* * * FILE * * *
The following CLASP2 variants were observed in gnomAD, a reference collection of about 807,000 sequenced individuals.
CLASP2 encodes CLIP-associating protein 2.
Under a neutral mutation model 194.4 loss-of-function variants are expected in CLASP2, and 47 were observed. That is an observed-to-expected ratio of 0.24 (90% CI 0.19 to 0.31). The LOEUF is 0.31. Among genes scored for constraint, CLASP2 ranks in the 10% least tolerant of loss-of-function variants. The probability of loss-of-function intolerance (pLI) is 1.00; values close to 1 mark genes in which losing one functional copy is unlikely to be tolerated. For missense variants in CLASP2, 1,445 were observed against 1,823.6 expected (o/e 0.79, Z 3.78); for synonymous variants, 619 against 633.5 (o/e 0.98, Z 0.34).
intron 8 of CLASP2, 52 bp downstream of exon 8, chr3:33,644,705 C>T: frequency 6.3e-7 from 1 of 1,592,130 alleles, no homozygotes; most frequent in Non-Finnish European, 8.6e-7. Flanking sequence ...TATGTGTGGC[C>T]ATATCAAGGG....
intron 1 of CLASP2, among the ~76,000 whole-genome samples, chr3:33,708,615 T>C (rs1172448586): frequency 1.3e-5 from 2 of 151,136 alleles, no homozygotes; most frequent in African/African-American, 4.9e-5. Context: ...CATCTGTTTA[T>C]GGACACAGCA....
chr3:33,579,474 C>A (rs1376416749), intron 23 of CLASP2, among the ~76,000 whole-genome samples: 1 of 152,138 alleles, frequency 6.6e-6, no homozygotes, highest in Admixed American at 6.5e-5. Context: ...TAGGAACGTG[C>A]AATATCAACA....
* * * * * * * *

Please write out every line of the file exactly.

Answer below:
The following CLASP2 variants were observed in gnomAD, a reference collection of about 807,000 sequenced individuals.
CLASP2 encodes CLIP-associating protein 2.
Under a neutral mutation model 194.4 loss-of-function variants are expected in CLASP2, and 47 were observed. That is an observed-to-expected ratio of 0.24 (90% CI 0.19 to 0.31). The LOEUF is 0.31. Among genes scored for constraint, CLASP2 ranks in the 10% least tolerant of loss-of-function variants. The probability of loss-of-function intolerance (pLI) is 1.00; values close to 1 mark genes in which losing one functional copy is unlikely to be tolerated. For missense variants in CLASP2, 1,445 were observed against 1,823.6 expected (o/e 0.79, Z 3.78); for synonymous variants, 619 against 633.5 (o/e 0.98, Z 0.34).
intron 8 of CLASP2, 52 bp downstream of exon 8, chr3:33,644,705 C>T: frequency 6.3e-7 from 1 of 1,592,130 alleles, no homozygotes; most frequent in Non-Finnish European, 8.6e-7. Flanking sequence ...TATGTGTGGC[C>T]ATATCAAGGG....
intron 1 of CLASP2, among the ~76,000 whole-genome samples, chr3:33,708,615 T>C (rs1172448586): frequency 1.3e-5 from 2 of 151,136 alleles, no homozygotes; most frequent in African/African-American, 4.9e-5. Context: ...CATCTGTTTA[T>C]GGACACAGCA....
chr3:33,579,474 C>A (rs1376416749), intron 23 of CLASP2, among the ~76,000 whole-genome samples: 1 of 152,138 alleles, frequency 6.6e-6, no homozygotes, highest in Admixed American at 6.5e-5. Context: ...TAGGAACGTG[C>A]AATATCAACA....